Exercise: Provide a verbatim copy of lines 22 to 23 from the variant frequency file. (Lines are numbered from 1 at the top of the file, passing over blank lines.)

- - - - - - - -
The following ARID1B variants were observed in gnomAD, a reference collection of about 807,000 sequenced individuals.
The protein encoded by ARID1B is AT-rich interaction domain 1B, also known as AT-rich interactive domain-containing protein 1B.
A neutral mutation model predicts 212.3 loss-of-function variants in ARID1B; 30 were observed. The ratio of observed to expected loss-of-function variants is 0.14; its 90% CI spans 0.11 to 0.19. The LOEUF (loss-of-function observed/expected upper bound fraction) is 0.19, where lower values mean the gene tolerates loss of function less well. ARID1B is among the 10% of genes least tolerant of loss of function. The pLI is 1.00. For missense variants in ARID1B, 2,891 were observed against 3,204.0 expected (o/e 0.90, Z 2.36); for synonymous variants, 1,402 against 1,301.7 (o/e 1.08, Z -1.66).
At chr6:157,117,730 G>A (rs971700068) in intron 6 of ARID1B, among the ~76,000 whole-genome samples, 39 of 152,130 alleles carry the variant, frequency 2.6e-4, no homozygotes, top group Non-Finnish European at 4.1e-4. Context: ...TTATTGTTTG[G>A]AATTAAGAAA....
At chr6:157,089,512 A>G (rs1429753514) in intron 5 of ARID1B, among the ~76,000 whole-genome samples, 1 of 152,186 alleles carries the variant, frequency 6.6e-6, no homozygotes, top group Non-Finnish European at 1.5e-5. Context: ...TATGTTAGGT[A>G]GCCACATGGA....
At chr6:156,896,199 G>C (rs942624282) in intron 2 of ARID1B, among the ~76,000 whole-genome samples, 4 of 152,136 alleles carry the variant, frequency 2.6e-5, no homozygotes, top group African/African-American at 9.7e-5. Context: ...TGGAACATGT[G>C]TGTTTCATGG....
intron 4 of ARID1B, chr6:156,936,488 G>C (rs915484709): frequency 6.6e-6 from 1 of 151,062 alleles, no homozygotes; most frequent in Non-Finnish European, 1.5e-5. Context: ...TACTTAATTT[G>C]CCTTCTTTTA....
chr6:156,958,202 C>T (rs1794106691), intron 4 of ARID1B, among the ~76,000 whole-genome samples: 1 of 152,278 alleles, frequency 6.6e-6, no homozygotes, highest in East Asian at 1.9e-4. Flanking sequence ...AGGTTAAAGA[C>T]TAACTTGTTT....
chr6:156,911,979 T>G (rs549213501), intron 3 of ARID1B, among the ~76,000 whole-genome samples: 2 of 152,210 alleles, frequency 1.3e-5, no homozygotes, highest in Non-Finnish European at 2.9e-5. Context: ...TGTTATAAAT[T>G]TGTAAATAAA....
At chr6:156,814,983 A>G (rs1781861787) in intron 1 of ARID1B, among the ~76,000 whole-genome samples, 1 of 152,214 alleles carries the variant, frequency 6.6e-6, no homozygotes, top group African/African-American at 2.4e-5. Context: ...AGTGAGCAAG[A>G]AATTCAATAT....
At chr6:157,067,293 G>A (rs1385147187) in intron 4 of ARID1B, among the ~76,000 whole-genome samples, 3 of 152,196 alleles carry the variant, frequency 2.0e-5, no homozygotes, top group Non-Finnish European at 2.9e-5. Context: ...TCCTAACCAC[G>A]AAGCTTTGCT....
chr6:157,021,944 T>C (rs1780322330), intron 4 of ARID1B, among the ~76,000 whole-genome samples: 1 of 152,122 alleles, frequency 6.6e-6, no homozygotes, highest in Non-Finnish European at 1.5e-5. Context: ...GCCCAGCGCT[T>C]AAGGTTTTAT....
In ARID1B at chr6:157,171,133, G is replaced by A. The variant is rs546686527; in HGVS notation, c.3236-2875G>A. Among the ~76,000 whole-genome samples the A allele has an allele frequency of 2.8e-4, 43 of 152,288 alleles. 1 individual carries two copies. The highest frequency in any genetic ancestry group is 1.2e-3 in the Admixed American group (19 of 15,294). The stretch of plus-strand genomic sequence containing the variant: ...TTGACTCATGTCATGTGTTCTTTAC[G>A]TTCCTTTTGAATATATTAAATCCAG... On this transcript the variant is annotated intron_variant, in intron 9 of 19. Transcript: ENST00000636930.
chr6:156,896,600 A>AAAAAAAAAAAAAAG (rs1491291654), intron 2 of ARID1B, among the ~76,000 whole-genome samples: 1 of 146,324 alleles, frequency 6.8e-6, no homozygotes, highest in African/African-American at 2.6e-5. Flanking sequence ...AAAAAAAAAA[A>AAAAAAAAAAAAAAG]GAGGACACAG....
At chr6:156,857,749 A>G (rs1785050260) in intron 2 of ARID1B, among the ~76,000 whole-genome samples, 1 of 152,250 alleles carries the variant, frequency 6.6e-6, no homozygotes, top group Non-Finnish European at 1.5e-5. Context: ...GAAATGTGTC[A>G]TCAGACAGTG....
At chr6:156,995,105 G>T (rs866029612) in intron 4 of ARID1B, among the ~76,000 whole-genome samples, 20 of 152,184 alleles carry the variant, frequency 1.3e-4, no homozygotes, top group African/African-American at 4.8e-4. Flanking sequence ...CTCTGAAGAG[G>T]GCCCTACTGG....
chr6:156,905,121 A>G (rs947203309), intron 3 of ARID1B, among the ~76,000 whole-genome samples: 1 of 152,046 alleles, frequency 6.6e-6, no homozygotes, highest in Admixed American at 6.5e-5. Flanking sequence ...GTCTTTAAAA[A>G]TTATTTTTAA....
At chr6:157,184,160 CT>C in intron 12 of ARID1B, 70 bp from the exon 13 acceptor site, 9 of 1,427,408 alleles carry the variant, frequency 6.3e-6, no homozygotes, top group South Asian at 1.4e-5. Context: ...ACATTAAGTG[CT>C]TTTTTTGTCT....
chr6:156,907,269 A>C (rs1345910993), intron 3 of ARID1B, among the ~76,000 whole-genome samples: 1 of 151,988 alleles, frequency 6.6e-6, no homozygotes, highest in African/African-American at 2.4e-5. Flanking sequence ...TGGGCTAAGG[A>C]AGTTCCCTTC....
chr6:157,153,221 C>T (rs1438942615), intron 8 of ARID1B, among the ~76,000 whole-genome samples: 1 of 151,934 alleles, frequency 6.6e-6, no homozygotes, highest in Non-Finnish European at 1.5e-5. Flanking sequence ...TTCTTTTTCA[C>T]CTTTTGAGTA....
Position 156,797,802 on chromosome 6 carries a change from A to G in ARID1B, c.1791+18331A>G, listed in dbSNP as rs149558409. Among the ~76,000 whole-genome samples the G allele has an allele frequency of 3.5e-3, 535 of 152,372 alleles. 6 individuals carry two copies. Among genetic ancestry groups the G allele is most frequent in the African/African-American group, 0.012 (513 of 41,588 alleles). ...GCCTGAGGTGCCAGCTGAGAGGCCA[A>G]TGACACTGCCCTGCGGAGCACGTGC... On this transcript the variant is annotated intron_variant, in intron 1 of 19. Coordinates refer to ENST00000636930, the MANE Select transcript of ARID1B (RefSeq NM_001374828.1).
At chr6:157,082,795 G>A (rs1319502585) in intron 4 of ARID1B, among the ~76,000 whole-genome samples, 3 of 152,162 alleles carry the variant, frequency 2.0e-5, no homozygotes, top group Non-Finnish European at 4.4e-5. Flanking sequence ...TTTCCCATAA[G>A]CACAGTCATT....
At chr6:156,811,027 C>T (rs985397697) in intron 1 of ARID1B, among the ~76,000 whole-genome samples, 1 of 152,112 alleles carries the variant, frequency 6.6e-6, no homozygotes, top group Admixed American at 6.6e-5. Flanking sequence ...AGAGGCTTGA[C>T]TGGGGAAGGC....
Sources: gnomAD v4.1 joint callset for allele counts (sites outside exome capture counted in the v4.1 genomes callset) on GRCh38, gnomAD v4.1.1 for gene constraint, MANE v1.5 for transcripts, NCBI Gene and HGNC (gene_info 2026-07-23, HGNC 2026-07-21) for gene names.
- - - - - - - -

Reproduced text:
At chr6:157,082,795 G>A (rs1319502585) in intron 4 of ARID1B, among the ~76,000 whole-genome samples, 3 of 152,162 alleles carry the variant, frequency 2.0e-5, no homozygotes, top group Non-Finnish European at 4.4e-5. Flanking sequence ...TTTCCCATAA[G>A]CACAGTCATT....
At chr6:156,811,027 C>T (rs985397697) in intron 1 of ARID1B, among the ~76,000 whole-genome samples, 1 of 152,112 alleles carries the variant, frequency 6.6e-6, no homozygotes, top group Admixed American at 6.6e-5. Flanking sequence ...AGAGGCTTGA[C>T]TGGGGAAGGC....